Globally handling uncaught exceptions and signals in C++

If you have a sementation fault in your C++ program, the program crashes and this is printed to standard error:

Segmentation fault (core dumped)

It tells you that a core dump has been created if your system was configured to do so. You can use it to further debug the crash, but when you have a quick look at the error message, you learn near to nothing about the cause of the crash.

Similarly, when there is an uncaught exception in your code, the following is printed (again to standard error):

terminate called after throwing an instance of 'std::runtime_error'
what():  Hello, world!
Aborted (core dumped)

Again, you can use the core dump, but why not let the program print a stack trace to help you find the location where the segfault or exception occurred and the call chain that lead to it, just as many other languages do?


The following was tested with gcc 4.8.2 running under Fedora 19 and I’m not sure how portable this all is. Just try it on the platform(s) of your choice 😉

Printing a stack trace

gcc/glibc provides us with backtrace(), backtrace_symbols(), and backtrace_symbols_fd() from execinfo.h, which can be used to generate a binary stack trace (backtrace()) and convert it to a nicely formatted array of strings (backtrace_symbols()) or directly print it to a file descriptor, e.g. stderr (backtrace_symbols_fd()).

This is how you do it in code, with a maximum number of 20 entries in your stack trace:

void *array[20];
size_t size = backtrace(array, sizeof(array) / sizeof(array[0]));
backtrace_symbols_fd(array, size, STDERR_FILENO);

The result looks something like that:


You can see that the method names are mangled, but at least you can approximate the location of the error.

For this to work properly, you need to call g++ with -rdynamic, so that the linker exports all symbols. But how do we print the stack trace when our program crashes? Enter signal and terminate handlers…

Adding a signal handler

To catch segmentation faults, you can register a signal handler that is called when your programm receives a SIGSEGV signal (segmentation violation, code 11). This is done through signal() from signal.h:

void signalHandler(int sig) { /* print stacktrace */ }
signal(SIGSEGV, signalHandler);

Adding a terminate handler

When an exception in a C++ program is not caught by try-catch, std::terminate() is called before the program aborts. In fact, the default implementation simply calls abort(), but you can do something meaningful beforehand. This is how you register a terminate handler with std::set_terminate as defined by the exception header:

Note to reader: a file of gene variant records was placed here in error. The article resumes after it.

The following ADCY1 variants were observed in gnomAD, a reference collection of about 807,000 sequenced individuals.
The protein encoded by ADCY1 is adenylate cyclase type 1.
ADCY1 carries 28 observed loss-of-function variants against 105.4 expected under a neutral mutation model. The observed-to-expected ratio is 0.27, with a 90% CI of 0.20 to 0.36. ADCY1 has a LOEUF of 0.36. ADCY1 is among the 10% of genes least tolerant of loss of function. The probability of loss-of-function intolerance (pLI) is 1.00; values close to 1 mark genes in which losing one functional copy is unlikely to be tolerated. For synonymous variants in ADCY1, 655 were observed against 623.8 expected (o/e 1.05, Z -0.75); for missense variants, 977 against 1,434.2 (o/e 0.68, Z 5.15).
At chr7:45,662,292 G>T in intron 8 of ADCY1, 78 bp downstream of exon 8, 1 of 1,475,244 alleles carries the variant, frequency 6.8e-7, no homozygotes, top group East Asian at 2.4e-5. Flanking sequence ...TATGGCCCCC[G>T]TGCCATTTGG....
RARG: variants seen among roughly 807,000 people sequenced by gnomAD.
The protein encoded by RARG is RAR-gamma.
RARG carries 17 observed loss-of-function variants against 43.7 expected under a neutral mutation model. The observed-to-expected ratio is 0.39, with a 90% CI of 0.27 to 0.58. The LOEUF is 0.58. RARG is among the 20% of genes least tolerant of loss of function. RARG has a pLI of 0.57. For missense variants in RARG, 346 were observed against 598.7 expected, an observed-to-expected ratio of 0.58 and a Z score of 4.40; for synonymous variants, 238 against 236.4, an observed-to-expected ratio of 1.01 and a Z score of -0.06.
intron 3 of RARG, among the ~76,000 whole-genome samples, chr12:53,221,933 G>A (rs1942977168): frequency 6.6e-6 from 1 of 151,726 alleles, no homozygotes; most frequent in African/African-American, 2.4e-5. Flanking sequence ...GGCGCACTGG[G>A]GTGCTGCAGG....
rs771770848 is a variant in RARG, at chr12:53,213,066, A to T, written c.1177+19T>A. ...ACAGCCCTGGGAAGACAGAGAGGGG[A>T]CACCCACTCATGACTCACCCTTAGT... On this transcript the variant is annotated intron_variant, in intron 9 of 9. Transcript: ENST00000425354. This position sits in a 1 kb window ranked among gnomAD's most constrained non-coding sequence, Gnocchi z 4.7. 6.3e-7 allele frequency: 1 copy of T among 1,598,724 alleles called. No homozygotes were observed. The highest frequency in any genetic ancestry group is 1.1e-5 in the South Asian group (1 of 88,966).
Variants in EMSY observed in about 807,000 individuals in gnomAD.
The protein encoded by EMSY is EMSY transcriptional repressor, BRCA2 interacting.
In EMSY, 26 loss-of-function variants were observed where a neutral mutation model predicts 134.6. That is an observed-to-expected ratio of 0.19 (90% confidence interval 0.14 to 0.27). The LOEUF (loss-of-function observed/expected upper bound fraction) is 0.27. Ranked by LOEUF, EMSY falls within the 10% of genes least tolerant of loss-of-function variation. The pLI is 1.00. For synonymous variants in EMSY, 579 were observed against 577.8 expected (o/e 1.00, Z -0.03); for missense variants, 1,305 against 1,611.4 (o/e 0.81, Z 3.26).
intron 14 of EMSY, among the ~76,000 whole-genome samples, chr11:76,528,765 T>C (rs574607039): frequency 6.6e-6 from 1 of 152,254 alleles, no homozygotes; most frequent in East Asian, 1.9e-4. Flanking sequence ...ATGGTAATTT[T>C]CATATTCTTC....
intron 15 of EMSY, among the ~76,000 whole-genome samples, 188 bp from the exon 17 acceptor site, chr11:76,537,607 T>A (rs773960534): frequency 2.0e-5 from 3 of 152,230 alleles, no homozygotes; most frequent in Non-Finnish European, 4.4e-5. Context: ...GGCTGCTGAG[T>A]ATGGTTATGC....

void terminateHandler() { /* print stacktrace */ }

Accessing the uncaught exception from the terminate handler

Now you get a chance to print a stack trace on termination, but you probably also want to print the exception that caused the crash. This caused some headache, but finally I got the following:

std::exception_ptr exptr = std::current_exception();
try {
catch (std::exception &ex) {
    std::fprintf(stderr, "Terminated due to exception: %s\n", ex.what());

The solution uses the std::current_exception() method introduced by C++11 (compile with -std=c++0x or -std=c++11). It returns an exception_ptr object that has only one meaningful use: It can be rethrown, which we do to finally catch and process it.

Putting it all together

I built a small demo project that first installs a signal handler and a terminate handler and then crashes the program randomly either by dereferencing a null pointer to cause a segfault, or by throwing an uncaught exception.

Hope I could help 🙂 Please leave a comment if you want to add something I missed. If you like what you just read, you can also follow me on GitHub or star the demo project repo.

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  1. You should catch(…) in case std::current_exception reference to exception that doesn’t derive from std::exception (e.g. the given code will miss throw 42;).

    It’s a good post!

    1. That’s right, but try printing ex.what() on an int 😉 Since I have never written or used code that throws anything other than std::exception, I usually omit handling other exceptions when doing so gives me an advantage, like in this case.

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